Sharing the Light

“That’s barely burning” I said as I looked down at the jar candle. I like to use candles in the bathroom instead of the bright lights and loud fan. It just makes a shower or bath that much more calming. Without a thought, I grabbed another jar candle, lit it and it burned bright. Perfect!

Upon exiting the shower, what I saw next made me stop and reflect for a minute. I looked over and both jar candles were burning brightly and had the exact same flame height. It was as if the brightly light candle had somehow shared it’s light with the other one and now both were burning brightly.

I immediately thought of my life and how at times I’ve felt discouraged, lost and just not “burning bright”. Every time someone has appeared with a bright countenance, encouragement, and just shared their light. By being in their presence, it helped me to become brighter.

As I took this deeper, I wondered if it was really that simple. Had I been making it too hard for so long? Could it be that all I need to do is just humbly and gratefully let my light shine day every day, to everyone no matter what, no matter the situation? Could it be that in times of despair, all I really needed to do was be there? Taking it one step further; why wait for things to be bad, why not BE there ALL the time?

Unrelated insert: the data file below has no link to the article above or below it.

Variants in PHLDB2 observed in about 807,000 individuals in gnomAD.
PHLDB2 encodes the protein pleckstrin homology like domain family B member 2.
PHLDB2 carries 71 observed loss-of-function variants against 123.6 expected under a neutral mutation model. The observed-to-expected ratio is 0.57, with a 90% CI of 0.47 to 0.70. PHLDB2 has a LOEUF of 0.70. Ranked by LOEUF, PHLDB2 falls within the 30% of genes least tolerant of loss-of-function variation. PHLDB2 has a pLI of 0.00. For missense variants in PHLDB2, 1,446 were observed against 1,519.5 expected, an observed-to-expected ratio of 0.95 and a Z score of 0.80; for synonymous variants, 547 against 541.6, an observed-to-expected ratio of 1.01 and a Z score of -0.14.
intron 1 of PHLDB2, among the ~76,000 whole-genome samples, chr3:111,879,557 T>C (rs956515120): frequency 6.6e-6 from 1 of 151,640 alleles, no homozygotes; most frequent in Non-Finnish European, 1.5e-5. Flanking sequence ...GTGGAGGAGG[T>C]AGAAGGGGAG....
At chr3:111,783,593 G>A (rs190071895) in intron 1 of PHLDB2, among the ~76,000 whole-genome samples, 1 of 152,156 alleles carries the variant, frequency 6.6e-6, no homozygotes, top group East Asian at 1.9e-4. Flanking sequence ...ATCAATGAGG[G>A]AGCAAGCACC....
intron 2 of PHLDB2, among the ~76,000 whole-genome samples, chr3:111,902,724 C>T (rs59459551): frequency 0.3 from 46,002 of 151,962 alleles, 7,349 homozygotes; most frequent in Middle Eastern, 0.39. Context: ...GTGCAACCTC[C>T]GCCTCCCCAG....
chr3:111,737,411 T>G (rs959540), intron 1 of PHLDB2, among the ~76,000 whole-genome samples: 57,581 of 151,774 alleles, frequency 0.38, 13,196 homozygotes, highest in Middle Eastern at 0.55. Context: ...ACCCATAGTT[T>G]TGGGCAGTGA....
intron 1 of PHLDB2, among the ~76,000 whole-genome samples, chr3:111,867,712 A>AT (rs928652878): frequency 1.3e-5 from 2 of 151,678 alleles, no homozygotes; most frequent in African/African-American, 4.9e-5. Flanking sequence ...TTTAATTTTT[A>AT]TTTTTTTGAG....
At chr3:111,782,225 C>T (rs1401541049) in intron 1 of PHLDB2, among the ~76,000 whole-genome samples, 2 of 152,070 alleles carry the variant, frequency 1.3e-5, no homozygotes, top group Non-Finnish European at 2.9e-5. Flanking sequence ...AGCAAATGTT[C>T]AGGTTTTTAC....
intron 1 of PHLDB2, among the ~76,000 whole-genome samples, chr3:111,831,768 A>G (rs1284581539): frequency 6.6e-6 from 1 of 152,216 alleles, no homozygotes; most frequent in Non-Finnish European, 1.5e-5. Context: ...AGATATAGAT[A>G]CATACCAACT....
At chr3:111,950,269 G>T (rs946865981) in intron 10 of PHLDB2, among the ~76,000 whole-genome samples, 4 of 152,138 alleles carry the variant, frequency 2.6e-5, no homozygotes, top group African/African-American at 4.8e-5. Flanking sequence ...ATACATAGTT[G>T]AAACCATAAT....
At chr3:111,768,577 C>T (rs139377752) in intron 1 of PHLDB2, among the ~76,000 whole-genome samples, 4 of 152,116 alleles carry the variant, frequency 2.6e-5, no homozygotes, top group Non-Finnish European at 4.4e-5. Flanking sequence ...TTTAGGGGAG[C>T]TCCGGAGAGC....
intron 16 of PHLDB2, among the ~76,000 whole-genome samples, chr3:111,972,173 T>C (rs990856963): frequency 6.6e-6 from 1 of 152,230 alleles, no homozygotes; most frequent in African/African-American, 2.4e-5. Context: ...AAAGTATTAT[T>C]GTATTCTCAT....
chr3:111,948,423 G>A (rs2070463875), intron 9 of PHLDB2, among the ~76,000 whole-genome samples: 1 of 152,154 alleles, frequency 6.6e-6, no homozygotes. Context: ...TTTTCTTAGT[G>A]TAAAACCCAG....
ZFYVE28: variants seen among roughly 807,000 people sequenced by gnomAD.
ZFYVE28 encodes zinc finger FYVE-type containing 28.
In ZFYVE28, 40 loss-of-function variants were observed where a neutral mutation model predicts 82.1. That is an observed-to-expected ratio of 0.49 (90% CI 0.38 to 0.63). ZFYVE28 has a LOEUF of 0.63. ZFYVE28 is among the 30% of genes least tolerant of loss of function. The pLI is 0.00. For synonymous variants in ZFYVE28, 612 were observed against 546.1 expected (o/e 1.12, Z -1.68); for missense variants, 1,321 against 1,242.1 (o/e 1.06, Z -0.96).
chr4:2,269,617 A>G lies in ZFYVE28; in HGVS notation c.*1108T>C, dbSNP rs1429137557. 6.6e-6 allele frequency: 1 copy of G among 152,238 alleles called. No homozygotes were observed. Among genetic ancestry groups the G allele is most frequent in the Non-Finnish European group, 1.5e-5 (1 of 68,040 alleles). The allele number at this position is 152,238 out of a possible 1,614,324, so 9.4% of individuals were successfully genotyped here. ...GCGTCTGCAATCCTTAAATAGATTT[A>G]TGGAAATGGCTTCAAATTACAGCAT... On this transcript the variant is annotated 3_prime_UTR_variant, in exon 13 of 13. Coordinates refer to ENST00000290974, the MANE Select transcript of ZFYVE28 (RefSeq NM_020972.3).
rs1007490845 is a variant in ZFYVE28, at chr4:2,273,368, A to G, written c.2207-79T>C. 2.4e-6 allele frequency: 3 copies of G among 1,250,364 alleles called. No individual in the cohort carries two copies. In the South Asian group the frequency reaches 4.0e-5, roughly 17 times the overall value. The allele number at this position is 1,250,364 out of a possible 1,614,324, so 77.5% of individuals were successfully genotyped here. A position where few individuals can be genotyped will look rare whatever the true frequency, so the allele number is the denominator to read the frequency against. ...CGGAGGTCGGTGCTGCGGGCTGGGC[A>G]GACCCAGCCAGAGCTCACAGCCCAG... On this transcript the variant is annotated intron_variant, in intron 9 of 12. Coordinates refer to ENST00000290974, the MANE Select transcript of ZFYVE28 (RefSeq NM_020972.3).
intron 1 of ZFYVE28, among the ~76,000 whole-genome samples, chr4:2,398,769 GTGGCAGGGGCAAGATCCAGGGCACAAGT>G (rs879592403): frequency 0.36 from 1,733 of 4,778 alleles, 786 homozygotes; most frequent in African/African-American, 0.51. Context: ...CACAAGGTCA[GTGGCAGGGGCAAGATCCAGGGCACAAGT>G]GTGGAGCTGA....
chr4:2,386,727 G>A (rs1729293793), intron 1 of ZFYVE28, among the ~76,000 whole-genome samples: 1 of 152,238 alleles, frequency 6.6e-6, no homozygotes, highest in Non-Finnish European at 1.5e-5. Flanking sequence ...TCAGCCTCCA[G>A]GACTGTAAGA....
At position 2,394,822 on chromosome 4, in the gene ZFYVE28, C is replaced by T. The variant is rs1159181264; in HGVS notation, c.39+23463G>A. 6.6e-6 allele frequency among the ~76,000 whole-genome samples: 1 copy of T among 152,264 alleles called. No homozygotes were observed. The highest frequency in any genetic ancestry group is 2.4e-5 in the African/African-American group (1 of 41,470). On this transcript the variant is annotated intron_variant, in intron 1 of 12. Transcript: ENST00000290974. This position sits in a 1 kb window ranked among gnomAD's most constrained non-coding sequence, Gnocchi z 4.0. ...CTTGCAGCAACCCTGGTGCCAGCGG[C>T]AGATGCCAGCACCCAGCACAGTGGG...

The water dripped onto the floor as these insights flowed through my mind. Who knew lighting a couple of candles could trigger such deep thoughts and emotions. Who knew that such changes in my perspective could occur from such a simple act.

What a feeling of freedom to just BE….and share the light.

Have a beautiful day!

Attention helps us Thrive

This is an excerpt from my new book Climb that Fence, take that Leap which is a compilation of animal stories and the life insights I observed. I wrote it to encourage people to make positive changes and bring more awareness to the animals. Available on Amazon, I hope you enjoy the stories and I’d love to hear yours, so feel free to drop me a line.

Things Come Alive with Attention:
Ever since I took Keiko (my cat) to the park that day and let her out every evening, she was wired. Every morning she was under foot, walking around the kitchen and living room. I’d be upstairs getting dressed and here would come this spindly, almost wobbly cat blasting up the stairs.

At times, it was really annoying to hear the constant meowing, so I’d pick her up. “What is your problem?” I’d ask. I thought she might be in pain. As soon as I picked her up, all I heard was the familiar sound of contentment: purring.

What had changed with her? I had not given her any different medicine, and she had become skinnier by the day. But something was obviously different.

Let’s see, she went from just hanging around the house and receiving whatever “leftover” attention I had to being the first to receive attention. She received my attention first and foremost, and we spent quality time together.